Who are we?
why are we doing this?
My name is Leslie Boyd.
I am an educator, jeweler and visual artist whose work deals with themes of activism.
Navigating this current political time and space as an educator in America is difficult. As I engage with my fellow educators and students it becomes evident that we are often failing to facilitate robust, constructive, direct dialogue about social issues in our classrooms. I do not think this is for a lack of caring or interest, but that arts and craft educators do not feel equipped with the tools or language necessary to facilitate difficult conversations around issues such as race, class, privilege, and sexuality.
When Rebecca (you'll meet her next) first emailed me about an internship in October of 2017 it was evident that our interests, questions, and concerns aligned. I had been mulling for some time over creating a project that centered around educational resources, craft, and activism. It seemed perfect to combine forces with an individual on the other side of the classroom to speak about what we are failing to address.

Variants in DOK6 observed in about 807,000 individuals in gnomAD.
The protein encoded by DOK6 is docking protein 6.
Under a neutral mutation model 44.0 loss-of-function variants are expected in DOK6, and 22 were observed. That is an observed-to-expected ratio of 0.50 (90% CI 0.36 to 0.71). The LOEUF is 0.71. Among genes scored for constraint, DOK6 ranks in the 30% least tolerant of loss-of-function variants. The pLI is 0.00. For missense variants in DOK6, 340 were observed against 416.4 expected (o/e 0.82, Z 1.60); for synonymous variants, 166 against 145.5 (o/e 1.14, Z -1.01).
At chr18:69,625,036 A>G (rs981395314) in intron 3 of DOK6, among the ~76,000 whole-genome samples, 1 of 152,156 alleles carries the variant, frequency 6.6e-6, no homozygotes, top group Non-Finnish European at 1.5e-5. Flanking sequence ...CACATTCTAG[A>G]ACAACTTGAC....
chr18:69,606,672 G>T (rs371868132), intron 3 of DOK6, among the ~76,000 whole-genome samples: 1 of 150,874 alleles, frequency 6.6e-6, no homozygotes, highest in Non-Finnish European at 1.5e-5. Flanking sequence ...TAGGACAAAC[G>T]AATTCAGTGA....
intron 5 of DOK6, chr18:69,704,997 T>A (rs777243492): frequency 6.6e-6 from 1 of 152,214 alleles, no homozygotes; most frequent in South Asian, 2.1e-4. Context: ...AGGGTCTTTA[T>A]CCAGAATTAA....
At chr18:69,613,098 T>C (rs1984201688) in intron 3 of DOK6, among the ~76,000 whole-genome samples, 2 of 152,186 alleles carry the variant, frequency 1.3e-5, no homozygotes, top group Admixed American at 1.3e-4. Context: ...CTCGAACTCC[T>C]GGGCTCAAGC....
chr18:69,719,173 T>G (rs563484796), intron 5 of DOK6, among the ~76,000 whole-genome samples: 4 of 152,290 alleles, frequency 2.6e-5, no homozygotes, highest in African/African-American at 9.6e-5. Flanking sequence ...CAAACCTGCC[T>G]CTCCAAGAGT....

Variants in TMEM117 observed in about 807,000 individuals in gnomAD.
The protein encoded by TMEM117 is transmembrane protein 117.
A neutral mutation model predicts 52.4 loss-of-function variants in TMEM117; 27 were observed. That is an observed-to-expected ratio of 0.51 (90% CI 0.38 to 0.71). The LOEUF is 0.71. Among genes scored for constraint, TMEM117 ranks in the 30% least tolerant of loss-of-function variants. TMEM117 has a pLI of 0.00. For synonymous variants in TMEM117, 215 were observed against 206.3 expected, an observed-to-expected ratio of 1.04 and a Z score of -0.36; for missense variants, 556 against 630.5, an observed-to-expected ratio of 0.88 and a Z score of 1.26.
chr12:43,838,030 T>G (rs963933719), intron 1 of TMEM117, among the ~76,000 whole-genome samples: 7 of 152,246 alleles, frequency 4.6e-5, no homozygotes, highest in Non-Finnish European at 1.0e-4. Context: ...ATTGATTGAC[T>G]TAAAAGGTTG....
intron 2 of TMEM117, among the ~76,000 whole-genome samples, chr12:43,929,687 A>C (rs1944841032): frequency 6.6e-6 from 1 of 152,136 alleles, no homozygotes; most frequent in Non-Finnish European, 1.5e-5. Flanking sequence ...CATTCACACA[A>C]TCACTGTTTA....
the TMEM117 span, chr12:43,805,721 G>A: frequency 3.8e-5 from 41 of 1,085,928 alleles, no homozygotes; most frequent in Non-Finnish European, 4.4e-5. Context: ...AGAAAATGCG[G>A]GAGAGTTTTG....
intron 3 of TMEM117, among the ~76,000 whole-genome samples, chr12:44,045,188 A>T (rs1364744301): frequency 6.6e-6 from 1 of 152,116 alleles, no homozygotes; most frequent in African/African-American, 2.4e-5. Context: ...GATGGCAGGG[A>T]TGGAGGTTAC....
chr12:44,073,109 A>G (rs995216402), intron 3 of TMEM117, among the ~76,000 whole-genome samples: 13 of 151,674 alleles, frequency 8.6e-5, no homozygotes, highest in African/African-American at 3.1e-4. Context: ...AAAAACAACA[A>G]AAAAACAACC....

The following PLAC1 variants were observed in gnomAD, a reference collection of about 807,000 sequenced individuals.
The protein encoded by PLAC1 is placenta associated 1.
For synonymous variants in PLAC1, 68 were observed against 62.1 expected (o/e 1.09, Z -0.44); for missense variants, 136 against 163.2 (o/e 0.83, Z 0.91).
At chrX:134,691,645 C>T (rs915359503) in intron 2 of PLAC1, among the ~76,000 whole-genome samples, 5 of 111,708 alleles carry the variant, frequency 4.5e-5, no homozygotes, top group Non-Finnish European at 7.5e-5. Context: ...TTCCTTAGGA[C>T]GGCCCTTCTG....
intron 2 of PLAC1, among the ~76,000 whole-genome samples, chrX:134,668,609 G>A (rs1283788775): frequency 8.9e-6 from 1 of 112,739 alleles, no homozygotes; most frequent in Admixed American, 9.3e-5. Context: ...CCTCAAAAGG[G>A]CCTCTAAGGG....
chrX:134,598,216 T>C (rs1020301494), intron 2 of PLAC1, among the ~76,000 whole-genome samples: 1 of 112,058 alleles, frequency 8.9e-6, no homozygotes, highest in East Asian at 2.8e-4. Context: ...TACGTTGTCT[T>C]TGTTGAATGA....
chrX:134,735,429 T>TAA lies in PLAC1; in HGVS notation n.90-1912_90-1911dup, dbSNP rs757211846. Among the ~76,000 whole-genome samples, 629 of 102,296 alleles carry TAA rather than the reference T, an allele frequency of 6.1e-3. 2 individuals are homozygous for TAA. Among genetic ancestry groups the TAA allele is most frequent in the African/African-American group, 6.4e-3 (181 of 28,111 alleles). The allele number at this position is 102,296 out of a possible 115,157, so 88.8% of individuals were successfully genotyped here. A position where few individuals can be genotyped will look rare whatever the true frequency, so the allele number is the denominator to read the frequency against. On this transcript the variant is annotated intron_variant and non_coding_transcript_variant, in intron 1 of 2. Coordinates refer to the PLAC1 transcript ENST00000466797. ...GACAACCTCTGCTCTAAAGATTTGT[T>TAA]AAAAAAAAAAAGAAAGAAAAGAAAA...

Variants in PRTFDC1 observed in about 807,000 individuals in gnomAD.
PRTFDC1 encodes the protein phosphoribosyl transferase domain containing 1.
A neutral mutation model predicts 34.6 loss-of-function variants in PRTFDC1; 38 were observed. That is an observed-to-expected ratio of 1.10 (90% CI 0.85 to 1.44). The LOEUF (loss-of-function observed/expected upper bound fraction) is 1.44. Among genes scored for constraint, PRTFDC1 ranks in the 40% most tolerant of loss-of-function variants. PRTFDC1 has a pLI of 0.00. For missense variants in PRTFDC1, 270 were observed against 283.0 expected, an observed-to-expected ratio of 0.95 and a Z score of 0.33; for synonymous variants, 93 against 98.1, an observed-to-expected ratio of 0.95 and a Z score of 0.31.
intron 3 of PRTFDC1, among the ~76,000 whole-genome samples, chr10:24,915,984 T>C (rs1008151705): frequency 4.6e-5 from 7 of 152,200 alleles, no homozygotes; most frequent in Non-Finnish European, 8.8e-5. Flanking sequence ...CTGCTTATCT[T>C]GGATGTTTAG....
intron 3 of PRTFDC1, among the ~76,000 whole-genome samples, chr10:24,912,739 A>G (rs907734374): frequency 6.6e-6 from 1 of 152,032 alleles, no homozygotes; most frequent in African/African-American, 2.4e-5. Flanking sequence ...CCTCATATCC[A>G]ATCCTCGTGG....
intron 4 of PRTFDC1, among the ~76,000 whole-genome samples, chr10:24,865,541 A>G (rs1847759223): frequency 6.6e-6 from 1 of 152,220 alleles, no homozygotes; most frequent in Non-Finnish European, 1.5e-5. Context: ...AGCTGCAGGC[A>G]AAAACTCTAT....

My name is Rebecca Schena.
I am a Jewelry + Metals student at Rhode Island School of Design. As a student, I often find myself struggling to make socially relevant work that actually makes a difference outside of the insular art world. Inside of learning institutions, work based on social issues often fails to break the silence of students and educators too nervous to discuss it for fear of getting it wrong.
With its accessible origins in functional object making, it is important that craft becomes a larger part of artistic social practice. In order to do that, it is vital that students and educators are able to easily access resources that can prepare them to make and critique work capable of actually making a difference. Through this project, Leslie and I hope to make this easily accessible collection of resources a reality for students, educators, and practicing artists who are using craft to engage with the social issues of our time.